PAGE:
Specimens of the British Poets: With Biographical and Critical Notices, and an Essay on English Poetry, Volum 5

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Thomas Campbell
John Murray, 1819
 

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Side 110 - Hark ! they whisper ; angels say, ' Sister Spirit, come away ! ' What is this absorbs me quite ? Steals my senses, shuts my sight, Drowns my spirits, draws my breath ? Tell me, my soul, can this be Death...
Side 219 - A pleasing land of drowsy-head it was, Of dreams that wave before the half-shut eye ; And of gay castles in the clouds that pass, For ever flushing round a summer sky...
Side 311 - Who slept in buds the day, And many a Nymph who wreathes her brows with sedge And sheds the freshening dew, and lovelier still The pensive Pleasures sweet, Prepare thy shadowy car.
Side 125 - Thrice she look'd back, and thrice the foe drew near. Just in that instant, anxious Ariel sought The close recesses of the virgin's thought : As on the nosegay in her breast reclin'd, He watch'd th...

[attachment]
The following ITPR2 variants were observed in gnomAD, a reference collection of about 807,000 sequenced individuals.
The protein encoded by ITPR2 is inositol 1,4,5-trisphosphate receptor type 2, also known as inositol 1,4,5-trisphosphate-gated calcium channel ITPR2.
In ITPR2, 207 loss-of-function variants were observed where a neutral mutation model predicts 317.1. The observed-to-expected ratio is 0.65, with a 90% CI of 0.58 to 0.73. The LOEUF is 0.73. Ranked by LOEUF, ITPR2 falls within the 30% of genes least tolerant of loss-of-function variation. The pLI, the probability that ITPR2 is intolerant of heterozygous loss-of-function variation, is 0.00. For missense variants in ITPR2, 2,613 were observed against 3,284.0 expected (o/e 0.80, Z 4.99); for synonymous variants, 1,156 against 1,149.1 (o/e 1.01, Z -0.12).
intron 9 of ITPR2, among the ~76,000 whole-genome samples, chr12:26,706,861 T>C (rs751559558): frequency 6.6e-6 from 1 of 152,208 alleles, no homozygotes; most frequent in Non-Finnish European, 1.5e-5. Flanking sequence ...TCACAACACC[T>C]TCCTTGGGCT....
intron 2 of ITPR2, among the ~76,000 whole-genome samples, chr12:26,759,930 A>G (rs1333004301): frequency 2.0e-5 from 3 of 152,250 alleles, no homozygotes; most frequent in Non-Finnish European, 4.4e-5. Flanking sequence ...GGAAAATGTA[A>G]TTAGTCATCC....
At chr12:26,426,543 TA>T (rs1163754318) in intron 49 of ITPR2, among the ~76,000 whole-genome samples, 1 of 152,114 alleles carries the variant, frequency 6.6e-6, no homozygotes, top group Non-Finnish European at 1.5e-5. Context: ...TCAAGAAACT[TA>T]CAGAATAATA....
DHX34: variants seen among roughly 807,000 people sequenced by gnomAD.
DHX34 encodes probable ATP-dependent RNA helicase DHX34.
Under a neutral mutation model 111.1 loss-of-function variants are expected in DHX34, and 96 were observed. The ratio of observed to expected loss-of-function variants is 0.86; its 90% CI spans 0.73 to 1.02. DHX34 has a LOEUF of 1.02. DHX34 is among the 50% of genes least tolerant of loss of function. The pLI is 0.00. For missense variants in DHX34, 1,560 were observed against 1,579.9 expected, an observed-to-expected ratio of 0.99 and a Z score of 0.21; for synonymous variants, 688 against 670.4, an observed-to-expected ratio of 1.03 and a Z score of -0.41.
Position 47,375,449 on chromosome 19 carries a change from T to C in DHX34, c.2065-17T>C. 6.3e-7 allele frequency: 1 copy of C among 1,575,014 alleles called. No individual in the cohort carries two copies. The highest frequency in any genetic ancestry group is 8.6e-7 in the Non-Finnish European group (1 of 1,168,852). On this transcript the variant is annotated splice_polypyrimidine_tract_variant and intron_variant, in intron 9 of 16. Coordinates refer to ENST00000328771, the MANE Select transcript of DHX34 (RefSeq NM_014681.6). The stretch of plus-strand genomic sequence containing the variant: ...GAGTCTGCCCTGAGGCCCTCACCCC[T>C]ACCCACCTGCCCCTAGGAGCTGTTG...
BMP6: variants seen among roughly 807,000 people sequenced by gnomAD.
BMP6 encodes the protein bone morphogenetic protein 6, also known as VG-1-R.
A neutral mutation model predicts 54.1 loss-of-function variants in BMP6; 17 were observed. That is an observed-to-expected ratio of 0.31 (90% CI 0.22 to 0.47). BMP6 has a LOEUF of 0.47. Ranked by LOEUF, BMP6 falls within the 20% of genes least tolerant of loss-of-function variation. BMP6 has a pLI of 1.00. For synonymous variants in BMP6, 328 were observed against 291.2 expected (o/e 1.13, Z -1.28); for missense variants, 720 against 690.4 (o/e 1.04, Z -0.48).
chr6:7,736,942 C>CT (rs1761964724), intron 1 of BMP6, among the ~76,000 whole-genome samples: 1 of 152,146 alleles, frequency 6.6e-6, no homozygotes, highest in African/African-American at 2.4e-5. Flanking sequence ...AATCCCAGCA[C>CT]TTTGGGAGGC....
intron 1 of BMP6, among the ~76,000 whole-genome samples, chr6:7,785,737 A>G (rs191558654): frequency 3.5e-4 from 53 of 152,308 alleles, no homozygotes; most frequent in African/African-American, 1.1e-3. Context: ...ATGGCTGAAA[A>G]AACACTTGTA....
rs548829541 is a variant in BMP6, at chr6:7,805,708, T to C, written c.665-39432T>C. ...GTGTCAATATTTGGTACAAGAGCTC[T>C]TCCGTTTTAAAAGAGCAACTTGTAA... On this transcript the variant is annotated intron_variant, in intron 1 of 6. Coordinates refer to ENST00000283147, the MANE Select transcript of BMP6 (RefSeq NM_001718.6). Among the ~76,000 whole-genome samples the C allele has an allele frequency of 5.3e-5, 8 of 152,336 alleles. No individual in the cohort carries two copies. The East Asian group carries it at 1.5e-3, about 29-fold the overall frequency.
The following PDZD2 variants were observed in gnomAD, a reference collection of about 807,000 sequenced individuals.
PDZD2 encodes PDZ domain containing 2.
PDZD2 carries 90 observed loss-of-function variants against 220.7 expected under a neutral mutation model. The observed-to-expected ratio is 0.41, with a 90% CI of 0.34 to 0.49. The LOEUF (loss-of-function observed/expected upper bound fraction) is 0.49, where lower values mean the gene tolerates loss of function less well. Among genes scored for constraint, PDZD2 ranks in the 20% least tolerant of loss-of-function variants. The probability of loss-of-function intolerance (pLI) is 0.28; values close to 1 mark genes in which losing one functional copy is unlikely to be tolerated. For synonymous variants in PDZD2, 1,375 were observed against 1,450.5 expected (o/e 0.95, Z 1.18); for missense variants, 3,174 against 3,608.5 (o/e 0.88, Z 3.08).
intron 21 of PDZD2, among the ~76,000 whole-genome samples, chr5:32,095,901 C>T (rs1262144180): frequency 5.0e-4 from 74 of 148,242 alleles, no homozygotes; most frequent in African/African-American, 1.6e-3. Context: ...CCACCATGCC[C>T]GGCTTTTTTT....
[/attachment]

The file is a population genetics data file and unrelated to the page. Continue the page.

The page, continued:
Side 312 - Winter yelling through the troublous air, Affrights thy shrinking train, And rudely rends thy robes : So long, regardful of thy quiet rule, Shall Fancy, Friendship, Science, smiling Peace, Thy gentlest influence own, And love thy favourite name ! ODE TO PEACE.
Side 134 - And trust me, dear ! good-humour can prevail, When airs, and flights, and screams, and scolding fail. Beauties in vain their pretty eyes may roll ; Charms strike the sight, but merit wins the soul.
Side 396 - But sure such folks could ne'er beget So sweet a girl as Sally ! She is the darling of my heart, And she lives in our alley.
Side 112 - Soft yielding minds to water glide away, And sip, with nymphs, their elemental tea. The graver prude sinks downward to a gnome, In search of mischief still on earth to roam. The light coquettes in sylphs aloft repair, And sport and flutter in the fields of air.
Side 116 - Favours to none, to all she smiles extends ; Oft she rejects, but never once offends. Bright as the sun, her eyes the gazers strike ; And, like the sun, they shine on all alike.
Side 119 - Planets through the boundless Sky. Some less refin'd, beneath the Moon's pale Light Pursue the Stars that shoot athwart the Night ; Or suck the Mists in grosser Air below, Or dip their Pinions in the painted Bow, Or brew fierce Tempests on the wintry Main, Or o'er the Glebe distil the kindly Rain.

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